Transformation may not be realistic, but the pursuit of it is energizing, and Mdalam is heartened by the progress he’s seen in the townships. “A black person in a township can’t afford to do the things that people are doing in Cape Town,” he says. “We need to expose black excellence. Change comes from the kids, as tour guides.” He considers the proliferation of township tours, in which (largely white) groups of tourists get shown around the traditionally underdeveloped black neighborhoods born of apartheid, to be a mostly good thing. “It creates an industry for the townships that has always just been in the city. You do Pheli, then a tour of this area. It creates an industry for the townships that has always just been in the city.”

A more targeted model for growth is one presented by Siphokazi Kwakweni, the program manager at the Pinotage Development Youth Development Academy. Every year, the organization offers 25 students from the townships (out of 300 applicants) the opportunity to immerse themselves in every aspect of the wine industry—and they land jobs after graduating. (Unemployment in the townships is estimated to be roughly 60%.)

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“We work with young people between the ages of 18 and 25 coming from disadvantaged backgrounds and we prepare them for employment in the wine industry,” says Kwakweni. “Once they’re done here they’re able to secure meaningful employment in the wine industry, wine tourism and food industry.”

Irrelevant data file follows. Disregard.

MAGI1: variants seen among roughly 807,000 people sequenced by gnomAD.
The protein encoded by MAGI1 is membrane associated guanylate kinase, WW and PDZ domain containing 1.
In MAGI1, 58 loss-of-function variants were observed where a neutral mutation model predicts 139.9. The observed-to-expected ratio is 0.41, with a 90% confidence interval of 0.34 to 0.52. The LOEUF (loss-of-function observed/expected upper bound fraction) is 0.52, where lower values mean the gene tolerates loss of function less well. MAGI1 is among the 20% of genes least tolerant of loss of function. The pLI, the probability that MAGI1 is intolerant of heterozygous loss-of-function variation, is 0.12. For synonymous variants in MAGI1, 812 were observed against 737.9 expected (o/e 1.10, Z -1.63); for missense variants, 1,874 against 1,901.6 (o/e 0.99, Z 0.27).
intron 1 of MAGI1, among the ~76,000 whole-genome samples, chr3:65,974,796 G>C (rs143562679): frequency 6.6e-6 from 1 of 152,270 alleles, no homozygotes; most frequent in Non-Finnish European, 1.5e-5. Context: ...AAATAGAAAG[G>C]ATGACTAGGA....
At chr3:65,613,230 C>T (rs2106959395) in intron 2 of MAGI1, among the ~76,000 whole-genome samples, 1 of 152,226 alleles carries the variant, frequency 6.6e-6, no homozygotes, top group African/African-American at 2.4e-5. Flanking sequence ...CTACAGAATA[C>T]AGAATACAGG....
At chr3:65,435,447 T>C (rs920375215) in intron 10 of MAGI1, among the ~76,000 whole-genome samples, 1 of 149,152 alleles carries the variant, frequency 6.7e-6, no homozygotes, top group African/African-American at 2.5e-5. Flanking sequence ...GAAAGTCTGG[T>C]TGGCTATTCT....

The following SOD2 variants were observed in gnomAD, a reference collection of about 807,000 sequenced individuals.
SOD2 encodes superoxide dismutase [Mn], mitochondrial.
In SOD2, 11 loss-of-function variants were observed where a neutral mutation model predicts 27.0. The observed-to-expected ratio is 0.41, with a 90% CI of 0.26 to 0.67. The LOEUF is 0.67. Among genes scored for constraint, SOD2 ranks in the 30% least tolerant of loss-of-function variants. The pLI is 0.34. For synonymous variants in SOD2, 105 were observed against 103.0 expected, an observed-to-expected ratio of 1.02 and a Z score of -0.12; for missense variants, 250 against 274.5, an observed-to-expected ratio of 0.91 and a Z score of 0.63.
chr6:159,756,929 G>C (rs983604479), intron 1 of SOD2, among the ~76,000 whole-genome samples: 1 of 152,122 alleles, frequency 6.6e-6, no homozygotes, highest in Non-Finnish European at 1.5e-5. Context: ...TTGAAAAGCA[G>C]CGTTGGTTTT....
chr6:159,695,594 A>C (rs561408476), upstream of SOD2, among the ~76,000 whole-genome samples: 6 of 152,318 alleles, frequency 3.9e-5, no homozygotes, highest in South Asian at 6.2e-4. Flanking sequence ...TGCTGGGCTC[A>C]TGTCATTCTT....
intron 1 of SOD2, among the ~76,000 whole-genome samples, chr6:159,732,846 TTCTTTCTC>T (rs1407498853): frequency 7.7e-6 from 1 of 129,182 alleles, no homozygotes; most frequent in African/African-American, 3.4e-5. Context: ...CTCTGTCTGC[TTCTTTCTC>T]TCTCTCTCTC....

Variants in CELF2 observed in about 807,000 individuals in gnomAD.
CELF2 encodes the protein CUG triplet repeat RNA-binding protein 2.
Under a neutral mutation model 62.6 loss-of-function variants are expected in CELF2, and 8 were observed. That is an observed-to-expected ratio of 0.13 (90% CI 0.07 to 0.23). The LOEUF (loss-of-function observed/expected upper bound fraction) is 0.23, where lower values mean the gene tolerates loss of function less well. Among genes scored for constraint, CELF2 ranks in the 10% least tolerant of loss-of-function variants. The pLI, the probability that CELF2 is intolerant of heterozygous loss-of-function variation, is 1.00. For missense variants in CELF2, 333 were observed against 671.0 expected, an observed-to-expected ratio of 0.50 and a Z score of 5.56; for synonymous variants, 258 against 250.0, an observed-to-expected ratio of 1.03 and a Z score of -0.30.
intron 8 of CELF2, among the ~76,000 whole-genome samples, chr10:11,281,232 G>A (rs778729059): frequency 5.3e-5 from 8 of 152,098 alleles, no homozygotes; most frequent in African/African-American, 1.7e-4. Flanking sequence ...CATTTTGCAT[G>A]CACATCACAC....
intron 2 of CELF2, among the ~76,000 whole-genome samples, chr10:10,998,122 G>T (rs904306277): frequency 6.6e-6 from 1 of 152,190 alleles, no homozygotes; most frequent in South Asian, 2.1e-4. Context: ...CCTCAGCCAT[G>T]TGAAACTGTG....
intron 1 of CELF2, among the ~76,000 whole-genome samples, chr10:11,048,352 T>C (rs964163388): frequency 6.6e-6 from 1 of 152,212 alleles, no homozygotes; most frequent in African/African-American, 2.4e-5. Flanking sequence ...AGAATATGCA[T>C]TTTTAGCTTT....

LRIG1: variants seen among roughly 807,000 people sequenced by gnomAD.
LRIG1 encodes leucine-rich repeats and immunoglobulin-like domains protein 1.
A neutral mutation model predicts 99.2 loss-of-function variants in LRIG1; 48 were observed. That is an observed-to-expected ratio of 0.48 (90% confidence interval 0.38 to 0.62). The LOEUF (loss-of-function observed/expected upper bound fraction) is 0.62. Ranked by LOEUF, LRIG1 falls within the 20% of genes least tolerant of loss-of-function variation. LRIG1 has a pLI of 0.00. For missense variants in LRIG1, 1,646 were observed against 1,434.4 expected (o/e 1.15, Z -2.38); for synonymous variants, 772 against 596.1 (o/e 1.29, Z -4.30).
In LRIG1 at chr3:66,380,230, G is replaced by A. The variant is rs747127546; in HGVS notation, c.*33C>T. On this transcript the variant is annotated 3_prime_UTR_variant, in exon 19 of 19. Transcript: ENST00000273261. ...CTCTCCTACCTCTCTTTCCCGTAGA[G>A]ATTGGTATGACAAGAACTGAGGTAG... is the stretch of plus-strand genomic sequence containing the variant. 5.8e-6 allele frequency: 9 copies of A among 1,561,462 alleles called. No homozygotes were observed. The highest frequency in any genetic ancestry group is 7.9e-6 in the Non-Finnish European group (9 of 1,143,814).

Phelisa Ntsokotha, 21, works as a front hostess at Seven Sisters Wine bistro nestled in the rolling hills of the scenic Western Cape, a job she landed after graduation. Ntsokotha grew up and lives in Kayamondi, a township outside of Cape Town constructed in 1950s apartheid to house black migrant laborers. Her first exposure to wine was watching people mix Coke and red wine as a child. Now, she laughs at the idea. She says her favorite wine is Cabernet Sauvignon.

“In 10 years, I want to finish my studies so I can get more qualifications in the wine industry so I can maybe one day have my own label,” she says. This could happen. She works for Seven Sisters Wine, a label owned by a woman who hails from a poor fishing village and only entered the wine space in 2003. With her siblings, Vivian Kleynhan now runs one of most visible and successful South African wine brands—and one of the only black-run wineries in the Stellenbosch area. 

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Rose Jordaan, owner of Bartinney Wine, feels invigorated by the young generation of women winemakers, for whom she largely credits the South African wine boom. This new wave has known they wanted to work in wine from very young ages, rather than pivoting later in life—this gives them an exciting advantage. 

“Women are coming into this industry en force,” she says. “They’re determined, they’re strong, but more than that, they’re incredibly talented.”